Understanding Trends In Corporate Video Marketing in 2017
Photo credit: Foter.com / CC0

For corporate companies looking to solidify their online presence this year, it might be worth taking a look at how trends work in order to use and master them.

In the simplest of terms, a trend can be described as both a noun (a general direction in which something is developing or changing) or a verb (to change or develop in a general direction). In the wonderful digital age that we live in, however, a trend is most often used to describe current events or a popular subject of many posts on a social media website within a short period of time.

We’ve seen how effective trends have been both offline and online. From the Kardashians to social justice hashtags on Twitter, it’s become more and more apparent that online trends have the power to dictate our culture and shape our societal narrative.

With millennials, their affinity for technology has defined the digital landscape to the point where marketers have completely changed the way they reach their audiences based on their consumption patterns. And as previously mentioned, younger generations are becoming harder and harder to reach based on their interest in disappearing media. It’s brilliant really; create a platform in which your audience is allowed to be more authentic to themselves since it will only last a maximum of 24 hours. Not only will this draw users to a platform, but it also makes trends arguably more sustainable if users know their content won’t last forever.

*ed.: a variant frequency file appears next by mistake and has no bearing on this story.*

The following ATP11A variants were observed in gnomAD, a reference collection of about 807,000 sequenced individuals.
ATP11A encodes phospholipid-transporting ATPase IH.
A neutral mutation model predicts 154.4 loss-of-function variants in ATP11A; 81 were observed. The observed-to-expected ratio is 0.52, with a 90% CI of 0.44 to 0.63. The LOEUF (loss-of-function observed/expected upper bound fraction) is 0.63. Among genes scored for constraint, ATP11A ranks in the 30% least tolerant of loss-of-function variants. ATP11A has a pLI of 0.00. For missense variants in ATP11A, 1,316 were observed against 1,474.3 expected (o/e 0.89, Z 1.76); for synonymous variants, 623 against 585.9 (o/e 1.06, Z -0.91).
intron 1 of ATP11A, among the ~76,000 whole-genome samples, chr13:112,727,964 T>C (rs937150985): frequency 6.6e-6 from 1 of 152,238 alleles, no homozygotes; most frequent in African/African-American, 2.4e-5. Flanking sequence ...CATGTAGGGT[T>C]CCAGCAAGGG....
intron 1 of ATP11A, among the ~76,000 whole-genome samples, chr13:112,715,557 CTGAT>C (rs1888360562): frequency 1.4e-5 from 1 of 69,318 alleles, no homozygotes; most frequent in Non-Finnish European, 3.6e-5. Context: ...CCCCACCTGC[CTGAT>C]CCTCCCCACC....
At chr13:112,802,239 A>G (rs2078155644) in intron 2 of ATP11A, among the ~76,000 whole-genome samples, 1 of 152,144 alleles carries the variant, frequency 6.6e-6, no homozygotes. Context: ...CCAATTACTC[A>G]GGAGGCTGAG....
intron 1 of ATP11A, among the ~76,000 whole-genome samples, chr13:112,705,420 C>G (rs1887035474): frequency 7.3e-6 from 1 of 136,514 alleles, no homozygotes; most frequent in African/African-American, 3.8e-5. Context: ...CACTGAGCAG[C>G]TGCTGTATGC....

We also know that the use of filters, augmented reality, and live video have all shaped the way we consume media. Understanding trends like these and how they work will improve your ability to reach younger audiences who crave a faux-reality that is close enough to their own.

Here at Key West Video, we monitor current social media trends in order to better understand audiences. For more information on the services we provide, visit our website today!

Like this post? Share Below!

How To Reach An Online Market With A Shrinking Digital Footprint

Generation Z learned the negative effects of an overexposed digital footprint long before Millennials did.

And as it becomes easier and easier to leave a digital footprint on the internet, it leaves one to wonder just how far this will go.

How To Reach An Online Market With A Shrinking Digital Footprint
Photo credit: Foter.com / CC0